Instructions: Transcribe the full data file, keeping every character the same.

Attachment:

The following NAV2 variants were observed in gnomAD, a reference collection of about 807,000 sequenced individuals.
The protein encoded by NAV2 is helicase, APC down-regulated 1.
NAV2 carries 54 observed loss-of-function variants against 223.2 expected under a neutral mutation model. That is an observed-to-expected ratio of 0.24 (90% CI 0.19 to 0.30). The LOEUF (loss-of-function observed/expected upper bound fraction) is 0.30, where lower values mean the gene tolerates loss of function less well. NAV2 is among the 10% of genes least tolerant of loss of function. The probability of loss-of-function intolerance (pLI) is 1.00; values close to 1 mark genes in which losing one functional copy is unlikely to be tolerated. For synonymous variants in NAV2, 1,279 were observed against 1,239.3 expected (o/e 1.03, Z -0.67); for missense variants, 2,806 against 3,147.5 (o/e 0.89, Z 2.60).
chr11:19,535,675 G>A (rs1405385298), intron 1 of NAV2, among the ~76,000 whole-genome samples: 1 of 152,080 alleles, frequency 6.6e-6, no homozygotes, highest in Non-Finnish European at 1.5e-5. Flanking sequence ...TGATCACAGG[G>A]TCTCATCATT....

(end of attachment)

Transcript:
The following NAV2 variants were observed in gnomAD, a reference collection of about 807,000 sequenced individuals.
The protein encoded by NAV2 is helicase, APC down-regulated 1.
NAV2 carries 54 observed loss-of-function variants against 223.2 expected under a neutral mutation model. That is an observed-to-expected ratio of 0.24 (90% CI 0.19 to 0.30). The LOEUF (loss-of-function observed/expected upper bound fraction) is 0.30, where lower values mean the gene tolerates loss of function less well. NAV2 is among the 10% of genes least tolerant of loss of function. The probability of loss-of-function intolerance (pLI) is 1.00; values close to 1 mark genes in which losing one functional copy is unlikely to be tolerated. For synonymous variants in NAV2, 1,279 were observed against 1,239.3 expected (o/e 1.03, Z -0.67); for missense variants, 2,806 against 3,147.5 (o/e 0.89, Z 2.60).
chr11:19,535,675 G>A (rs1405385298), intron 1 of NAV2, among the ~76,000 whole-genome samples: 1 of 152,080 alleles, frequency 6.6e-6, no homozygotes, highest in Non-Finnish European at 1.5e-5. Flanking sequence ...TGATCACAGG[G>A]TCTCATCATT....